Average people will not be able to afford it like the Apple MacBook Airmail.

I hate
By pauldovi on 10/14/08, Rating: -1
RE: I hate
By quiksilvr on 10/14/2008 1:17:44 PM , Rating: 2
How high of a resolution do you want in a 13" laptop?

RE: I hate
By Ordr on 10/14/2008 1:26:50 PM , Rating: 3
1600x900 on the sexy Sony Z. :)

RE: I hate
By Arribajuan on 10/14/2008 2:20:33 PM , Rating: 3
Most people will complaint that they cannot see anything at that resolution with that screen size.

And even worse, change resolution to something like 1024x768 on a wide screen panel

RE: I hate
By CSMR on 10/14/2008 3:42:44 PM , Rating: 2
The manufacturer (and the user of course, but we are talking about incompetent users) can set vista to 120dp (or any other resolution).

RE: I hate
By quiksilvr on 10/15/2008 12:21:12 PM , Rating: 2
Damn now THAT'S an awesome laptop. Too bad you have to pick the "premium" model to get that awesome resolution. I'm so sick of this; why do companies continue to do this? Learn from HP people!

RE: I hate
By pauldovi on 10/14/2008 1:33:15 PM , Rating: 2
The X300 and X301 from Lenovo are both 1440x900.

RE: I hate
By rudy on 10/14/2008 1:48:24 PM , Rating: 2

RE: I hate
By The0ne on 10/14/2008 2:01:51 PM , Rating: 2
While I like having good resolution on my laptops there's a point where too small is too small for doing work. My current laptop is 17" with 1920x1200 and I often have to connect a 22" or 24" LCD to it to relieve my eyes from the strain. This is true of big Excel spreadsheets where viewable area is never enough and you end up shrinking everything down :)

RE: I hate
By FITCamaro on 10/14/2008 3:17:11 PM , Rating: 2
I had a 15.4" nonwidescreen with 1600x1200. It was definitely difficult to see with text. Was great for programming though since you could fit so much. I would typically set the resolution at 1280x1024 for text editing (other than programming) and web browsing.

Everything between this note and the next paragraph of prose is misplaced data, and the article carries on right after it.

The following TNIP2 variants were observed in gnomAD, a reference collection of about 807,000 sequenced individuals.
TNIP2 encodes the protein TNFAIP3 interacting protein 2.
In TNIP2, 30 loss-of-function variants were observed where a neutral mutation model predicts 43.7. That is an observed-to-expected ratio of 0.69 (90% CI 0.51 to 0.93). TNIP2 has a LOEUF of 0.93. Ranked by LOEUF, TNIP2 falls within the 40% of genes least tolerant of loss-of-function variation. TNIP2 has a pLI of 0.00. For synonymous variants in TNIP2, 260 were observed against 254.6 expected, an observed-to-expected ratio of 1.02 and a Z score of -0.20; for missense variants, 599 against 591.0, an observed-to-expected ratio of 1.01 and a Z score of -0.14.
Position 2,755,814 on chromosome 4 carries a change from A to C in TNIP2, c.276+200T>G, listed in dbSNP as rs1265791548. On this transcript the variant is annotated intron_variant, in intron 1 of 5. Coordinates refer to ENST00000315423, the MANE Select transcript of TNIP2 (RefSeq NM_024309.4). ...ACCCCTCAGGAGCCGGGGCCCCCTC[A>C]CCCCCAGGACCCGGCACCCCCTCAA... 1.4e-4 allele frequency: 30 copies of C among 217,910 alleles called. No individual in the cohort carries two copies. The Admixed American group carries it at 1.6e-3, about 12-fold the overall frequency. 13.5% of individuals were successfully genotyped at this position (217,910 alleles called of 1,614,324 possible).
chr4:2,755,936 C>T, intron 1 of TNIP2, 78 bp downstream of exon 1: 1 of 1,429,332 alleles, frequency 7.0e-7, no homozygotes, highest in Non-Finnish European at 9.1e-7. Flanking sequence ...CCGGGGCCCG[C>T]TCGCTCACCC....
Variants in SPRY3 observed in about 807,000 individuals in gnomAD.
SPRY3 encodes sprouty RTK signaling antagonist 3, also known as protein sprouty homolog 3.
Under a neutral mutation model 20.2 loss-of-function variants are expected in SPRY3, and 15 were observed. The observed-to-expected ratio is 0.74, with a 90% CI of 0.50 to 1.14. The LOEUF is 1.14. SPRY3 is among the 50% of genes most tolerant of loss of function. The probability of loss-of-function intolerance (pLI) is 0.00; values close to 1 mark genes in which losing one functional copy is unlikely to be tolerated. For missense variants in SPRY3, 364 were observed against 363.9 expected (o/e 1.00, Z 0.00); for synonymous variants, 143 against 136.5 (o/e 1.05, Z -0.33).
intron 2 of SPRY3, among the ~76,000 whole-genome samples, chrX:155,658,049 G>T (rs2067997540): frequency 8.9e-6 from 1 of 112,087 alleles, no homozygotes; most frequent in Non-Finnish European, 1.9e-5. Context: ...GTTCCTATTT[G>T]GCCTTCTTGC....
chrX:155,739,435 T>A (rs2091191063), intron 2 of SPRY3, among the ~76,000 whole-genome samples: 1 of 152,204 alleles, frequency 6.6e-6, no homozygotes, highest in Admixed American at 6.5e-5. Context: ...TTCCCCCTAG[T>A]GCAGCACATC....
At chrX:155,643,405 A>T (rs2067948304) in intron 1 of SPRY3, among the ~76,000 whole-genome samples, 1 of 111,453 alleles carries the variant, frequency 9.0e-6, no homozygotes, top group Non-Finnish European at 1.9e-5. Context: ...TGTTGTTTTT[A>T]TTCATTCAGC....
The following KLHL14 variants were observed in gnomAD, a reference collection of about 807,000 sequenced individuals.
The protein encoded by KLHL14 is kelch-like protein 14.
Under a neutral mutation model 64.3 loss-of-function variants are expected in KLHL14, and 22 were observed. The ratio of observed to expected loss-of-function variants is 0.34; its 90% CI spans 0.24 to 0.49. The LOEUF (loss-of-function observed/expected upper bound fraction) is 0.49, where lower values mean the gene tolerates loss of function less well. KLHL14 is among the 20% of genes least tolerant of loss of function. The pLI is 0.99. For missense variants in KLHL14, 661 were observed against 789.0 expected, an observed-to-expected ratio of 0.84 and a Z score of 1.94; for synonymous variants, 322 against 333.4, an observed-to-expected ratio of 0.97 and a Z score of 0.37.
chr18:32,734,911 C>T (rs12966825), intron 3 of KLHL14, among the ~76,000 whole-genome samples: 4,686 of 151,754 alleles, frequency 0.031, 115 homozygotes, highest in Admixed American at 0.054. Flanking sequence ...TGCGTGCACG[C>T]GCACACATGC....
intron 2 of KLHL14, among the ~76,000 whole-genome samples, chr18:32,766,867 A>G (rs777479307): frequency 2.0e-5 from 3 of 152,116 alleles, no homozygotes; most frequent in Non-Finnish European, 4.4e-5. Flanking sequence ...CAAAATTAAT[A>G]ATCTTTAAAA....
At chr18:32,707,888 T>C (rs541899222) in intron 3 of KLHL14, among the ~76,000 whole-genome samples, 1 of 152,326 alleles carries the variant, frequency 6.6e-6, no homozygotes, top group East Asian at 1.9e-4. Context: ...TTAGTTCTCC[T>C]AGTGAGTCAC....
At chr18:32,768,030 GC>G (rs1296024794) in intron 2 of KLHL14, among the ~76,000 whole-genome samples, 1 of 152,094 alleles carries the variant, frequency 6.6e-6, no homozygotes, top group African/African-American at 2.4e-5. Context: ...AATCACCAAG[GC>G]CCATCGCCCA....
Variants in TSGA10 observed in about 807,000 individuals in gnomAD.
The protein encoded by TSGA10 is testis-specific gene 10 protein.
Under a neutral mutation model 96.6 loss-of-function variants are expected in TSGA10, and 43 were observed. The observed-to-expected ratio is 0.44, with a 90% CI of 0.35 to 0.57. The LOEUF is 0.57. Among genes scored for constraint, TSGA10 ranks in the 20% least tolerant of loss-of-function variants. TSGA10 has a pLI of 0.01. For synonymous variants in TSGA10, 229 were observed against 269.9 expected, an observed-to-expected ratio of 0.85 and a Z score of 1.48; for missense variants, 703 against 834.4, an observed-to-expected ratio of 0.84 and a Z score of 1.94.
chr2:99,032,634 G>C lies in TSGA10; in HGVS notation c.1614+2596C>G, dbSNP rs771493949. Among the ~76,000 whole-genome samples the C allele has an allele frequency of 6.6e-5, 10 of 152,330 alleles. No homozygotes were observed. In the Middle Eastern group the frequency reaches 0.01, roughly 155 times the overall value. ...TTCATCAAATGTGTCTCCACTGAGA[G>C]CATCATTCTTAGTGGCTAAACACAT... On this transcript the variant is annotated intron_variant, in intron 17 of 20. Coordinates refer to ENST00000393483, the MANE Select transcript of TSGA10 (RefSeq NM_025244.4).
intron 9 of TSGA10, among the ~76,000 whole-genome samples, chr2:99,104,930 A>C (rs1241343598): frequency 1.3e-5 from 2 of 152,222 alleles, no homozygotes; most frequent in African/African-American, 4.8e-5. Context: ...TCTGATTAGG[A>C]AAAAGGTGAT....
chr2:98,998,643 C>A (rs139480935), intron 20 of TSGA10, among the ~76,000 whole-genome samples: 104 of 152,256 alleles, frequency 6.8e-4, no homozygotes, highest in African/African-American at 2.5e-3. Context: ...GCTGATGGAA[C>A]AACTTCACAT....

RE: I hate
By CSMR on 10/14/2008 3:45:58 PM , Rating: 2
Was that pre-XP? Pixel pitch these days has basically nothing to do with how big things look. Admittedly vista does much better than XP at scaling. At any rate nowadays it is not an issue.

RE: I hate
By CSMR on 10/14/2008 3:49:02 PM , Rating: 4
The higher the dpi, the less the eye-strain because text at a given size resolves better. Higher dpi is better! I can't understand why readers at tech sites don't get this.

RE: I hate
By Funksultan on 10/15/2008 7:21:37 AM , Rating: 2
DPI isn't everything. Same size images would be sharper, but outside of games and the like, images typically don't scale to your resoultion (duh?). For example, font sizes.

YOU try reading < 8 pt fonts on a 1920x1200 for 8-10 hours a day, and lemme know how that grabs ya. Ok spanky?

*rubs eyes and curses*

I don't understand why readers at tech sites don't get this. Oh, wait. It's common knowledge.

RE: I hate
By CSMR on 10/15/2008 10:39:06 PM , Rating: 2
What program does not scale fonts properly in Vista? It would need to fail to advertise itself as dpi aware first of all. What important (and modern) program is not dpi-aware? And even with a program that isn't, assuming Vista is set to scale all apps, the fonts would get correctly scaled anyway, because the OS draws the fonts.

RE: I hate
By Funksultan on 10/20/2008 7:31:51 AM , Rating: 2
Er, do you OWN a windows-based OS? Or Mac for that matter?

Only a small, small handful of programs scale fonts, and almost NO programs are "dpi aware".

Up the res on your monitor, and guess what? Things get SMALLER. You get more screen space because programs DO NOT scale to dpi. If they did, a higher res wouldn't help us get more screen space (and developers start to cry).

Seriously, do you think Vista (or any other mainstream OS) scales all it's windows automatically to the resolution you're using?

Wow. Fail.

"It's okay. The scenarios aren't that clear. But it's good looking. [Steve Jobs] does good design, and [the iPad] is absolutely a good example of that." -- Bill Gates on the Apple iPad